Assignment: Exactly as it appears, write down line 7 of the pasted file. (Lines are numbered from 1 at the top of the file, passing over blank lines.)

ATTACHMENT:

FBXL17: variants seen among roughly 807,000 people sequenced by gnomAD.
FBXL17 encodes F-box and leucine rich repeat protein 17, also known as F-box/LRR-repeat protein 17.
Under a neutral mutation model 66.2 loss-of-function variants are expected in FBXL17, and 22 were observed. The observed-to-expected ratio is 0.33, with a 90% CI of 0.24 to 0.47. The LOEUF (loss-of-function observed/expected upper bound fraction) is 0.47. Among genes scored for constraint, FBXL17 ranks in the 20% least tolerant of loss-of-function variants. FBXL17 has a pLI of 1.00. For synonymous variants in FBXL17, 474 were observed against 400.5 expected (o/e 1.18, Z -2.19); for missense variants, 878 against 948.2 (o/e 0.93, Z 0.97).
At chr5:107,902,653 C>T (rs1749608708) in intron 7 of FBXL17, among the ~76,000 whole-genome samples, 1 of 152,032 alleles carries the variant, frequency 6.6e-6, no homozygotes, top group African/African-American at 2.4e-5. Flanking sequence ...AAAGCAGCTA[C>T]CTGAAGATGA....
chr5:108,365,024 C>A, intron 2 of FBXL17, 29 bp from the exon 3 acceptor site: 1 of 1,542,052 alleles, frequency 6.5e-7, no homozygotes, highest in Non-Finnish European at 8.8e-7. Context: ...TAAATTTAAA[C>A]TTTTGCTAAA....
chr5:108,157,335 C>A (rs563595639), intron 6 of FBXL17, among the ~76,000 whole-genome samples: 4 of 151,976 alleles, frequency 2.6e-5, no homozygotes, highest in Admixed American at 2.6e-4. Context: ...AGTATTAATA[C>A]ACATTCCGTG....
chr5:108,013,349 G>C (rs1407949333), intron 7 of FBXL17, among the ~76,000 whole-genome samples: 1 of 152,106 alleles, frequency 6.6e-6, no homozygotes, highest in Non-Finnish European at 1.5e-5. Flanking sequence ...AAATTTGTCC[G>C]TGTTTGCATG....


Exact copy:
chr5:108,013,349 G>C (rs1407949333), intron 7 of FBXL17, among the ~76,000 whole-genome samples: 1 of 152,106 alleles, frequency 6.6e-6, no homozygotes, highest in Non-Finnish European at 1.5e-5. Flanking sequence ...AAATTTGTCC[G>C]TGTTTGCATG....